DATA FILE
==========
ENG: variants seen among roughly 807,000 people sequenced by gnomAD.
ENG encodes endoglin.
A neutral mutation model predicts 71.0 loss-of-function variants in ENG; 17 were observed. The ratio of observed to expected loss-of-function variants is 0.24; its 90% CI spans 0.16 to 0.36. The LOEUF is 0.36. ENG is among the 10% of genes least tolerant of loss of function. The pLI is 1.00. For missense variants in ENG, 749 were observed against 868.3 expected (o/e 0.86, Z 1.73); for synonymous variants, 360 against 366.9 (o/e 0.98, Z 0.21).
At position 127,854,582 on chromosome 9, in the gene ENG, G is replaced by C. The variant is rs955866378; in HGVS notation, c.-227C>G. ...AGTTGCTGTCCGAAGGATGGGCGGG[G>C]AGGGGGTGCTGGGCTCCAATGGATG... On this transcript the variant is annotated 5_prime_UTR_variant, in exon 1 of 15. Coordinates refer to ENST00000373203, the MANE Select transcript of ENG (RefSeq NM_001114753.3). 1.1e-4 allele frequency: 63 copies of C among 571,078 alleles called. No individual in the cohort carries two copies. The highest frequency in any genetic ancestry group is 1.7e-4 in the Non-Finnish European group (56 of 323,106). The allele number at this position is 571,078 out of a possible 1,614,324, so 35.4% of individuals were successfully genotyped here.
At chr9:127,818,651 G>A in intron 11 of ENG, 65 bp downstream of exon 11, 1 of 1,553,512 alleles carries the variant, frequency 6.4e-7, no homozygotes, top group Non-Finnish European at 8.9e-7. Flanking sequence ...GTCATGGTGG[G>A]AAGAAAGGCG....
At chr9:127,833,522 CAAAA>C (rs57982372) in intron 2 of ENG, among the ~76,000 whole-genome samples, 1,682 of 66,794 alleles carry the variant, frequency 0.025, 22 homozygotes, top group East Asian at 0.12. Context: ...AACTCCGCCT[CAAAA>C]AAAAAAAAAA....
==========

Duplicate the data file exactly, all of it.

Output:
ENG: variants seen among roughly 807,000 people sequenced by gnomAD.
ENG encodes endoglin.
A neutral mutation model predicts 71.0 loss-of-function variants in ENG; 17 were observed. The ratio of observed to expected loss-of-function variants is 0.24; its 90% CI spans 0.16 to 0.36. The LOEUF is 0.36. ENG is among the 10% of genes least tolerant of loss of function. The pLI is 1.00. For missense variants in ENG, 749 were observed against 868.3 expected (o/e 0.86, Z 1.73); for synonymous variants, 360 against 366.9 (o/e 0.98, Z 0.21).
At position 127,854,582 on chromosome 9, in the gene ENG, G is replaced by C. The variant is rs955866378; in HGVS notation, c.-227C>G. ...AGTTGCTGTCCGAAGGATGGGCGGG[G>C]AGGGGGTGCTGGGCTCCAATGGATG... On this transcript the variant is annotated 5_prime_UTR_variant, in exon 1 of 15. Coordinates refer to ENST00000373203, the MANE Select transcript of ENG (RefSeq NM_001114753.3). 1.1e-4 allele frequency: 63 copies of C among 571,078 alleles called. No individual in the cohort carries two copies. The highest frequency in any genetic ancestry group is 1.7e-4 in the Non-Finnish European group (56 of 323,106). The allele number at this position is 571,078 out of a possible 1,614,324, so 35.4% of individuals were successfully genotyped here.
At chr9:127,818,651 G>A in intron 11 of ENG, 65 bp downstream of exon 11, 1 of 1,553,512 alleles carries the variant, frequency 6.4e-7, no homozygotes, top group Non-Finnish European at 8.9e-7. Flanking sequence ...GTCATGGTGG[G>A]AAGAAAGGCG....
At chr9:127,833,522 CAAAA>C (rs57982372) in intron 2 of ENG, among the ~76,000 whole-genome samples, 1,682 of 66,794 alleles carry the variant, frequency 0.025, 22 homozygotes, top group East Asian at 0.12. Context: ...AACTCCGCCT[CAAAA>C]AAAAAAAAAA....